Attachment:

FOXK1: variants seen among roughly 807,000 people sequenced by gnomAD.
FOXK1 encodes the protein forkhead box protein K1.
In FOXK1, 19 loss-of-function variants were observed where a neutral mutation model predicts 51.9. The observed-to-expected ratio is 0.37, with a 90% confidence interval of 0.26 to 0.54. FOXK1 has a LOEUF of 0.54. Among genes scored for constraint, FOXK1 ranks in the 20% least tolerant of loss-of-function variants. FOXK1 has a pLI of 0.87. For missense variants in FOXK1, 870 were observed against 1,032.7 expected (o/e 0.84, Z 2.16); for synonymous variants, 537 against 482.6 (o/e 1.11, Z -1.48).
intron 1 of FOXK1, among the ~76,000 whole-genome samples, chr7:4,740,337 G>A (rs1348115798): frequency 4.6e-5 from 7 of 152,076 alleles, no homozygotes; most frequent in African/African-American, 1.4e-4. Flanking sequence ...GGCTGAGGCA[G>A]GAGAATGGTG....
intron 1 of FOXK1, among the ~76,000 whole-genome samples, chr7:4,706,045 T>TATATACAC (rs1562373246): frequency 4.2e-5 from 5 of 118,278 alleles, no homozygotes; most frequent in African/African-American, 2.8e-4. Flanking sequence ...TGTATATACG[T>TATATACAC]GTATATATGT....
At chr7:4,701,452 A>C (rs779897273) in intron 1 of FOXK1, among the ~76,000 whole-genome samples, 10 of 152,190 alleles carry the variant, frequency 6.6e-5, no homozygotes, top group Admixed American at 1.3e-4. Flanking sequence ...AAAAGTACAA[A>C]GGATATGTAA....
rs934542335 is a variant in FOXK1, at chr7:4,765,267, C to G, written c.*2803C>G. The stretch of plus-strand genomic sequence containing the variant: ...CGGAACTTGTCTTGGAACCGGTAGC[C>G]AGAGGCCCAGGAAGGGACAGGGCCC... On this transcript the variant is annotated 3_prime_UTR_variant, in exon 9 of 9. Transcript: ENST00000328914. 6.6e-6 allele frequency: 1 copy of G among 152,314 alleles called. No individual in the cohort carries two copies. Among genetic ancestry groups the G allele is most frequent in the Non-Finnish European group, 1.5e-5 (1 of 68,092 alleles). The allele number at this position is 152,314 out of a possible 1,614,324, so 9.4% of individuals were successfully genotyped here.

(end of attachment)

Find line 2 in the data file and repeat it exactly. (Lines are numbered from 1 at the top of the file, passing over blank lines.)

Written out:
FOXK1 encodes the protein forkhead box protein K1.